Academy Salutes Sci-Tech Achievements
Holben, Jay, American Cinematographer
This year's Academy Awards for Scientific and Technical Achievement were handed out in a Feb. 20 ceremony hosted by actress Elizabeth Banks. The star of the evening, however, turned out to be the digital-intermediate process - awards were presented for nearly every aspect of the process.
Here is a list of the winners;
Technical Achievement Awards
(Academy Certificates presented for accomplishments that contribute to the progress of the industry)
Mark Wolforth and Tony Sedivy, for their contributions to the development of the Truelight reai-time 3-D LLfT hardware system. Through the use of color-management software and hardware, this system enables accurate color presentation in the DI preview process.
Dr. Klaus Anderle, Christian Baeker and Frank Billasch, for their contributions to the Luther 3-D LUT hardware device and color-management software. Luther was one of the first color LUT processors widely adopted by Dl facilities. This innovation enabled accurate color presentation by facilities that had analyzed projected film output and built 3-D LUTs to emulate print film.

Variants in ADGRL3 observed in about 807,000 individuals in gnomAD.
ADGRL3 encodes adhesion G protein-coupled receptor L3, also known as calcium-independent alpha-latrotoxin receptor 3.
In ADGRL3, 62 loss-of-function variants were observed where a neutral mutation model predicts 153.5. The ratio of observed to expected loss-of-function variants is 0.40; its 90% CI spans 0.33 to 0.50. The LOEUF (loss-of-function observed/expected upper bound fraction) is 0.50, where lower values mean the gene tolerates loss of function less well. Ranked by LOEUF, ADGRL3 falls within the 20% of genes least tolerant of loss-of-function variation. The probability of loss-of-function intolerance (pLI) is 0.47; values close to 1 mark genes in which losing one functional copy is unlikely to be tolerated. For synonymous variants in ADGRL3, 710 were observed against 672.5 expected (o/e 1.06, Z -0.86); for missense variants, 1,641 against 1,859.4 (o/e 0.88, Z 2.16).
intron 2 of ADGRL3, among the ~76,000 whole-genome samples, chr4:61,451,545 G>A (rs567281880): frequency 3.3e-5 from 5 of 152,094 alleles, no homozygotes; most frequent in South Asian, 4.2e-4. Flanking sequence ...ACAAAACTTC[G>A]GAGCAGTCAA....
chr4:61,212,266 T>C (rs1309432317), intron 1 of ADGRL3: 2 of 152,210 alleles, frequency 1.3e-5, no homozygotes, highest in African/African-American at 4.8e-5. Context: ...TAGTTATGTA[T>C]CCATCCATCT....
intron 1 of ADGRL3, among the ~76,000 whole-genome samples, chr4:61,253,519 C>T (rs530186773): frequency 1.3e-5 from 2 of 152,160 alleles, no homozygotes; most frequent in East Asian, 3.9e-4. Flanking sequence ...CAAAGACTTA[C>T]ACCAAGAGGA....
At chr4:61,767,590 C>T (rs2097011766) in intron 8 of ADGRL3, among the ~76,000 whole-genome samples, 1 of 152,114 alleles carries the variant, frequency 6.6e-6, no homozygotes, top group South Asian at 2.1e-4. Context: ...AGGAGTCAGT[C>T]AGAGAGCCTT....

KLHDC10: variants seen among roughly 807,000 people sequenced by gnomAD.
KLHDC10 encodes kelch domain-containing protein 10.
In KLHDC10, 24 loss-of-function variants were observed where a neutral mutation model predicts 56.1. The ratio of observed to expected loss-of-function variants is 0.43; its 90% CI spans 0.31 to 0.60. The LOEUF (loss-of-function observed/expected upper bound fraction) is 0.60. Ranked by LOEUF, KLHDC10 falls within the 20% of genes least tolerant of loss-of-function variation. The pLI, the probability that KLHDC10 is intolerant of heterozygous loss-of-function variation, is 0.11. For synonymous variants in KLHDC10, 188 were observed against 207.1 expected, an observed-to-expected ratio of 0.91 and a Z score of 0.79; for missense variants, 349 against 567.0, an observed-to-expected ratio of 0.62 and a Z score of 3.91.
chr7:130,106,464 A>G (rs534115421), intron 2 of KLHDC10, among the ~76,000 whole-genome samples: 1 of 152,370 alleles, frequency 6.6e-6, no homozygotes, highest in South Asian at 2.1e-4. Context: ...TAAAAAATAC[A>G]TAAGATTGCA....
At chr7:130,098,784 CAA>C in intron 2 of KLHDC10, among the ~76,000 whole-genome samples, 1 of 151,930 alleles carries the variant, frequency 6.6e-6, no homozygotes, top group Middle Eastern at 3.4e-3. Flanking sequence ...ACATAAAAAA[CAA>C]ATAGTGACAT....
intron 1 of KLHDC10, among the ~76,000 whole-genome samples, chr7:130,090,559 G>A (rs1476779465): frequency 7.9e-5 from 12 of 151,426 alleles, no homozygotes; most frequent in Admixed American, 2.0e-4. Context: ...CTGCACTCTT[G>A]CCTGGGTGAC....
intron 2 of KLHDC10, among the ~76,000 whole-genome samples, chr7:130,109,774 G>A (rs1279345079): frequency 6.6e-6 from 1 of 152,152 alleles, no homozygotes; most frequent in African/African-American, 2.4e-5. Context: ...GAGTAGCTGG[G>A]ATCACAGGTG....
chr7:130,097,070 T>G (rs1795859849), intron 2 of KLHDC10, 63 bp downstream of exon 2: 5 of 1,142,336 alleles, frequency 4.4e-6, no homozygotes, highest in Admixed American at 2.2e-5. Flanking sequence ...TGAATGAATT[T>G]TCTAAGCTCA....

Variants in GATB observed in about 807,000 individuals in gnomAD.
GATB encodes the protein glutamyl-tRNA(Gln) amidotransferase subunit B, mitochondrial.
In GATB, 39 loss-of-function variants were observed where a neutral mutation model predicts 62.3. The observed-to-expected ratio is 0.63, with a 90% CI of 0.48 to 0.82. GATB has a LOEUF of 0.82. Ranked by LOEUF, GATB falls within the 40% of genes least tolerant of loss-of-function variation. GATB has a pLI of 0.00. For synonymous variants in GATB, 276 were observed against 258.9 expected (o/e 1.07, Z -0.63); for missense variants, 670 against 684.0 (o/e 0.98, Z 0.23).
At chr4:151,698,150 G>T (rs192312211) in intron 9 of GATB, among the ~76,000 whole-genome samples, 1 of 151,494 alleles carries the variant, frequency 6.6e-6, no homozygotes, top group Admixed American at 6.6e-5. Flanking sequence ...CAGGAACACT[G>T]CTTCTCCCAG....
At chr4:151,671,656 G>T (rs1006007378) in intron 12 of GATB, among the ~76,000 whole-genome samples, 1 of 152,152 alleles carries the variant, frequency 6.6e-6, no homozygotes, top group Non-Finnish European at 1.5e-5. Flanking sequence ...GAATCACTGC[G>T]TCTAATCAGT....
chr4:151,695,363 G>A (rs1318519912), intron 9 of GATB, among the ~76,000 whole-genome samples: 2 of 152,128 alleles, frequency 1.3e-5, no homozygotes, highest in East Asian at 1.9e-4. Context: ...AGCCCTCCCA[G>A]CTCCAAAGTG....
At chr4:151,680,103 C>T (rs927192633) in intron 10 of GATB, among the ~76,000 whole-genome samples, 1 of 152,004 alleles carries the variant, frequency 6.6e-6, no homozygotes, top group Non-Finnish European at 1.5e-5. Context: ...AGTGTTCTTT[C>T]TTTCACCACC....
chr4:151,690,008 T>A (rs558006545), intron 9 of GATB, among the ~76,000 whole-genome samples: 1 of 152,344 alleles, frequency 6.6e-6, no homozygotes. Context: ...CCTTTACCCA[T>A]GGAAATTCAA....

Steve Sullivan, Kevin Wooley, Brett Allen and Colin Davidson, for the development of the lmocap on-set performance-capture system. Developed at Industrial Light & Magic, lmocap successfully addresses the need for on-set, low-impact performance capture.
Hayden Landis, Ken McGaugh and Hilmar Koch, for advancing the technique of ambient occlusion rendering. Ambient occlusion has enabled a new level of realism in synthesized imagery and has become a standard tool for CG lighting in mot/on pictures.
Björn Hedén, for the design and mechanical engineering of the silent, twostage planetary friction drive Hedén Lens Motors. Solving a series of problems with one integrated mechanism, this device had an immediate, significant impact on the industry.
Scientific and Engineering Awards
(Academy plaques presented for achievements that exhibit a high levei of engineering and are important to the progress of the industry)
Per Christensen, Michael Bunnell and Christophe Hery, for the development of point-based rendering for indirect illumination and ambient occlusion. Faster than previous ray-traced methods, this computer-graphic technique has enabled color-bleeding effects and realistic shadows for complex scenes.
Dr. Richard Kirk, for the overall design and development of the Truelight reai-time 3-D LUT hardware device and color-management software.
Volker Massmann, Markus Hasenzahl, Dr. Klaus Anderle and Andreas Loew, for the development of the Spirit 4K/2K film-scanning system. The Spirit 4K/2K has distinguished itself by incorporating a continuous-motion transport mechanism, enabling full-range, highresolution scanning at much higher frame rates than non-continuous transport scanners. …